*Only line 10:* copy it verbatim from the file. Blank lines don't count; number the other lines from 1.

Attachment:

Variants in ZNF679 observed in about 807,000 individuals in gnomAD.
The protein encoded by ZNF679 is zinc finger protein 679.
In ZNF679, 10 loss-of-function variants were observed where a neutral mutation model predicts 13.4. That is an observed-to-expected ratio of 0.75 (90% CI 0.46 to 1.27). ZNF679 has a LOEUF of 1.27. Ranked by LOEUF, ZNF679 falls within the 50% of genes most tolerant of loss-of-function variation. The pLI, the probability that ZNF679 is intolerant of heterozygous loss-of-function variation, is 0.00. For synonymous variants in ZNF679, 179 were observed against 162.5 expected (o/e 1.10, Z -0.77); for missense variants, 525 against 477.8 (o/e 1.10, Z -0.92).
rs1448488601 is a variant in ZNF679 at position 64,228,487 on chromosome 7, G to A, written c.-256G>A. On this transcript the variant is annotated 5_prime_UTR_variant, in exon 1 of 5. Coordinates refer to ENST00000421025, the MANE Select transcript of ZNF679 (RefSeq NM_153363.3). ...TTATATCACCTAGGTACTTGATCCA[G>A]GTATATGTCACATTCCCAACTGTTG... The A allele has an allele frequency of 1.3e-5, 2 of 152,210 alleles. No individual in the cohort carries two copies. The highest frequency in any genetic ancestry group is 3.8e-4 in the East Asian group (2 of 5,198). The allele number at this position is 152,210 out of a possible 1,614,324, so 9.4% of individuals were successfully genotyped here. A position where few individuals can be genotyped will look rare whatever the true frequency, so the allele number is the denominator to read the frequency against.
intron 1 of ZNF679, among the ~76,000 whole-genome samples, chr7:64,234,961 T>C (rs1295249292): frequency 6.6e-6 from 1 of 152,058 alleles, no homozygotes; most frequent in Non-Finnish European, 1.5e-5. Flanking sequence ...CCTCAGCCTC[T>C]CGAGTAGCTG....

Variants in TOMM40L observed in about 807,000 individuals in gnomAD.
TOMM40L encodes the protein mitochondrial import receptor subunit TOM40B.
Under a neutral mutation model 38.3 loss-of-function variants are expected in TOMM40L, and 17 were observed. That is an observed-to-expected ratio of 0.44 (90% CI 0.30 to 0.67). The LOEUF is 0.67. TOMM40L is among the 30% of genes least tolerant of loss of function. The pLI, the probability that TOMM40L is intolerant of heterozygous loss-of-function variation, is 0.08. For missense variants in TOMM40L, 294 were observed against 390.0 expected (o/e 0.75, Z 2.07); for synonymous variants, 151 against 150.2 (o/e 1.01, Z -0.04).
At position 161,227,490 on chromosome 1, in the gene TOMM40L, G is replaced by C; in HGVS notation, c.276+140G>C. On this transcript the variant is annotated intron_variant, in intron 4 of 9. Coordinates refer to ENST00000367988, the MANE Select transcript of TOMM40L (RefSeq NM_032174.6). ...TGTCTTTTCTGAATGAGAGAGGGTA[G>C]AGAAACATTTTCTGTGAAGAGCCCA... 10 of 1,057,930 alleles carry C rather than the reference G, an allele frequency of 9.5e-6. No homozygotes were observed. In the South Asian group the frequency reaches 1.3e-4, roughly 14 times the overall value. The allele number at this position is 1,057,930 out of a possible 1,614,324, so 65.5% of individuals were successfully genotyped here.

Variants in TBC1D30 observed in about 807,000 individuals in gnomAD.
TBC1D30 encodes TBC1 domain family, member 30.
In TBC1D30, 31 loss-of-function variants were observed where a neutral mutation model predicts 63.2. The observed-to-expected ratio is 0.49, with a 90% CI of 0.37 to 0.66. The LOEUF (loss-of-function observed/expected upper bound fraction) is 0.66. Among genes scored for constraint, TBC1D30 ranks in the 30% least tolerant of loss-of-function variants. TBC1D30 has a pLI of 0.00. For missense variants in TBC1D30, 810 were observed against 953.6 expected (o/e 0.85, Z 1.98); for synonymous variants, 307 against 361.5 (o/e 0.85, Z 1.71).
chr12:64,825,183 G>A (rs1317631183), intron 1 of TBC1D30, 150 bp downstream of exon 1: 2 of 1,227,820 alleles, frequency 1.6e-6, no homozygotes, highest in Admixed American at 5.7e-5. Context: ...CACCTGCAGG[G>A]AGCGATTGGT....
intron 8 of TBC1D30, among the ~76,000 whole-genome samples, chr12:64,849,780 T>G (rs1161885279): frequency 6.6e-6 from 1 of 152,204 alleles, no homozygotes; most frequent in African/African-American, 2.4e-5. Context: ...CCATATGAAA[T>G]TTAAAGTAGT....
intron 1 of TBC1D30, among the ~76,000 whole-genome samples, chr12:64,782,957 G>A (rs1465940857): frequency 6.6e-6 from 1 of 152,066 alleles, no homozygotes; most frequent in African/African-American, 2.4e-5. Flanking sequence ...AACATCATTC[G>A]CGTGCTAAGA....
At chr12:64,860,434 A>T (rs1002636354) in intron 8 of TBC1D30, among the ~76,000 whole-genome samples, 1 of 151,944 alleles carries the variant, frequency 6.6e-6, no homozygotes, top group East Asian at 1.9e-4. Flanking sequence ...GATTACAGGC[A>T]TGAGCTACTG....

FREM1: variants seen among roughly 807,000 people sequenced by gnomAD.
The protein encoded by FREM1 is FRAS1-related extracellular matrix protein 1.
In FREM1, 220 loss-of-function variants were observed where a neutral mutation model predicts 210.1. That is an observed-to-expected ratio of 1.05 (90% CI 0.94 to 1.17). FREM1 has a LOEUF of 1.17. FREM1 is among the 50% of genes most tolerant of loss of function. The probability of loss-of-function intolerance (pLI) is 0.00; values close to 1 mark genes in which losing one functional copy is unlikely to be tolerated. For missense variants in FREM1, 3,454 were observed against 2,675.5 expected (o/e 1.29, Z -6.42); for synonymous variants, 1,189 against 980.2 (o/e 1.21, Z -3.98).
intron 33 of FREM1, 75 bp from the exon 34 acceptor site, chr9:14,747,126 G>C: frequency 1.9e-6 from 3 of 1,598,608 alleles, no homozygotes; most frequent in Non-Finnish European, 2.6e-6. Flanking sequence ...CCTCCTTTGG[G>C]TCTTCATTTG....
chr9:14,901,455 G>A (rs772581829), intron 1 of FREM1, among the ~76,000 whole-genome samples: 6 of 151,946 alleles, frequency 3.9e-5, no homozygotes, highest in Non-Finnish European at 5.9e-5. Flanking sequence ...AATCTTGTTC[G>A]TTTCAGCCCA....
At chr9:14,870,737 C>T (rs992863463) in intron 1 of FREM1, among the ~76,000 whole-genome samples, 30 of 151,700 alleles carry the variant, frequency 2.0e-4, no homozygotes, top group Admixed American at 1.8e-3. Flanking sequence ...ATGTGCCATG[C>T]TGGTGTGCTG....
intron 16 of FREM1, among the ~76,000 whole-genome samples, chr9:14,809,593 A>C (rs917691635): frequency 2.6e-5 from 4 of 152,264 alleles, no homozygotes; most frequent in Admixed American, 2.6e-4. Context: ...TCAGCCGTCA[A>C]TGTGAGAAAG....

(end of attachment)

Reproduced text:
Variants in TBC1D30 observed in about 807,000 individuals in gnomAD.